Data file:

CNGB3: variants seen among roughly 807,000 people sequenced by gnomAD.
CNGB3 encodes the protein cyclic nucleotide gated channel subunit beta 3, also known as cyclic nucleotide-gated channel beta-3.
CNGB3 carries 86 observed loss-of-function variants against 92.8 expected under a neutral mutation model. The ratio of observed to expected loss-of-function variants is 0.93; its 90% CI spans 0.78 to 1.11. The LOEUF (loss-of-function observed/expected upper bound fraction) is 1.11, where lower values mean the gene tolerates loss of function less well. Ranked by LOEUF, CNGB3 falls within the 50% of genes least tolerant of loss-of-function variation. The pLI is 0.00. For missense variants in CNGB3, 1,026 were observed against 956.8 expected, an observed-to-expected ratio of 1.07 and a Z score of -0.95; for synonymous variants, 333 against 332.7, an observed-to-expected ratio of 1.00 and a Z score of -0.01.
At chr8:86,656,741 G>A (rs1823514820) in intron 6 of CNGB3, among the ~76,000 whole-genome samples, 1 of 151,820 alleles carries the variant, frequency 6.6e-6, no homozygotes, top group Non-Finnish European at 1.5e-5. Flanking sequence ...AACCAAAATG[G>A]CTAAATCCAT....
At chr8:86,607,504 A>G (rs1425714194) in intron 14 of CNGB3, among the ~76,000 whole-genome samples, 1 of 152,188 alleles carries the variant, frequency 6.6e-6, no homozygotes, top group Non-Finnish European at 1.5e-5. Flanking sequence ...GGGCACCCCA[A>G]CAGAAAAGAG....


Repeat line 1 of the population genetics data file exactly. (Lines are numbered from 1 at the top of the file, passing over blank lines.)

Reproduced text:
CNGB3: variants seen among roughly 807,000 people sequenced by gnomAD.